The 3D reconstruction is based on a pattern of patent candle lamp which in differs from the original drawing in that it has a rounded weight at the bottom.

The final image is an example of a candle lamp which is plausibly of the type which the artist saw. It has a flat bottom and the pattern of steps and ridges on the counterweight may be what the artist has tried to represent.


It is truly amazing how the engravers of the time were able to cram so much detail into a tiny wood-block while working under the pressure of tight deadlines. I look forward to the day when photographs of Fitzjames' cabin are published and we can directly compare them with the works of this anonymous Victorian artist.

Friday, 12 September 2014

Windlass and Cathead

The thrilling news of the discovery of the remains of one of Franklin's ships has left everyone wanting to know the answer to one question: is it Sir John Franklin's HMS Erebus or Francis Crozier's HMS Terror?

Windlass and cathead of HMS Terror (top) and HMS Erebus (bottom),
From Chris Ware's "The Bomb Vessel: Shore Bombardment Ships of the Age of Sail".

As I mentioned in an earlier post, Erebus (launched 1826) had been built with many more iron components than had been used for Terror's construction a decade earlier. This difference is noticable in the case of the knees (shaded blue) which reinforce the windlass and cathead (shaded red).

Terror surely gained a good deal of  additional iron reinforcement during her various refits but it seems reasonable that if a wooden component was still doing its job then it wouldn't have been replaced without good reason. For very sound reasons Parry had ruled that Arctic ships should be identically equipped but I think it would be stretching that doctrine too far to extend it to structural components such as these.

Just possibly these small details may play a role in restoring a name to this currently anonymous victim of the Franklin tragedy.


Friday, 1 August 2014

Return to Poctes Bay

In his book the Voyage of the Fox, McClintock suggests that Franklin steered to the West of King William Island, resulting in the permanent besetment of his ships, because he was supplied with charts showing 'King William Land' as a peninsula connected to the mainland - thus giving the appearance that there was only one course open to him. I don't really agree with this reasoning: Franklin's mission was to sail West - he will surely only have learned the true nature of the ice conditions in Victoria channel once it was too late.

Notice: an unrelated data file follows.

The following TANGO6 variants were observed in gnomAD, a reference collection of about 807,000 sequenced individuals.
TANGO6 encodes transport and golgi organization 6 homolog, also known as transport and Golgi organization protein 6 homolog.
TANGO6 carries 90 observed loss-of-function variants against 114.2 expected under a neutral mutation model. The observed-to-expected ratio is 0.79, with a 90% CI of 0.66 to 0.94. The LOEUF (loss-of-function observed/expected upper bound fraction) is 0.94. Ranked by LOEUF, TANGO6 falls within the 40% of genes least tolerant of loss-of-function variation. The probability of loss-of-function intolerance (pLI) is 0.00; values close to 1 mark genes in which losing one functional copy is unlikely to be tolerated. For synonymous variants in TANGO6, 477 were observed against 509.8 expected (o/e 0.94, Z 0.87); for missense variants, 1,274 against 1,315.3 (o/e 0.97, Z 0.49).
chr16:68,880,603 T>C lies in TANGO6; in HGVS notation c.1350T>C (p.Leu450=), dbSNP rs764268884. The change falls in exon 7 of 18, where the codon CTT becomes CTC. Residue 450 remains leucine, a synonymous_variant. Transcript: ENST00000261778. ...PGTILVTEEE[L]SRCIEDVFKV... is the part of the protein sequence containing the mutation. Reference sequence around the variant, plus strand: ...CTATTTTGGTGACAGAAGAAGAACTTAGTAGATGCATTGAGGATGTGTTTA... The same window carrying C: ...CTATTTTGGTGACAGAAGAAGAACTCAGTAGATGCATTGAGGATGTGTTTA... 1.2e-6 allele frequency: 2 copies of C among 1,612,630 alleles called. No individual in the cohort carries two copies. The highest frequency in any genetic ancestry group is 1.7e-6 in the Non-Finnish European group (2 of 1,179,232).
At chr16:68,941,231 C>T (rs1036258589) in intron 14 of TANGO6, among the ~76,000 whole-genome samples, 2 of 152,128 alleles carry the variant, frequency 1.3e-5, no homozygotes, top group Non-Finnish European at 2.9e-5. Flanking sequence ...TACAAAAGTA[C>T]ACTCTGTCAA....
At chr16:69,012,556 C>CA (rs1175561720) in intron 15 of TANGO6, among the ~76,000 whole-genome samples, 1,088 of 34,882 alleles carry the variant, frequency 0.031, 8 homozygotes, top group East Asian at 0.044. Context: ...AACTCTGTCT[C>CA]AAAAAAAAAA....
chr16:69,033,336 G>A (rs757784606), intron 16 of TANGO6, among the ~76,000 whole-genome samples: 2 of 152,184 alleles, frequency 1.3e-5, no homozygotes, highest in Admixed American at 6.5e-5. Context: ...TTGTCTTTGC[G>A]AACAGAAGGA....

When Sir John Ross published his Narrative of a second voyage in search of a North-west passage the map at the end of volume one shows what we now know to be the navigable Rae Strait closed with a dotted line to make a Bay, known to history as Poctes Bay. I have long wondered who Mr, or perhaps SeƱor, Poctes was and why he deserved such an honour. Who were Landon, Rowley, and Sheridan whose names are given to three entirely imaginary capes within the bay. Were they delighted to see their names immortalised in geography only to be crestfallen when the whole coastline proved to be a fantasy?


A close look at the map from Ross' Narrative (above) shows the bay in question actually labelled Poctes's Bay - a somewhat ungrammatical construction which hints at a mistake.


The Royal Geographical Society read it as Poetess Bay (also independently suggested by a commentator on my earlier post). The Society's journal article after the return of George Back's expedition down the Great Fish River tentatively concluded on the balance of presumption that the land which Captain Ross had explored was an island.


The Hydrographic Office's chart of 1847 has dotted lines connecting King William Island to the Boothia Peninsula by a spindly isthmus but without naming the bay. The 1849 chart (above) includes the title Poctes Bay but dispenses with the dotted lines. The fact that some of the geographical features have different names to those in Sir John Ross' map (top) is a good story in it's own right.


John Arrowsmith's early charts of the region also use Poctes but later editions, including the above, from 1850, use Poets Bay.

So what is the correct name for this imaginary bay - Poctes's, Poetess, Poctes, or Poets? What did Sir John Ross intend?

A hint may be found in the fact that opposite the imaginary bay on Ross' chart can be found Artists Bay. Three capes within that bay are named Lawrence, Shee, and Landseer. Sir Thomas Lawrence (1769-1830) and Sir Martin Archer Shee (1769-1850) were among the most notable portrait painters of the day while young Edwin Landseer (1802 - 1873) would make his own contribution to Arctic history in 1864.

Returning to the capes in 'Poctes Bay', and taking Poets as our clue: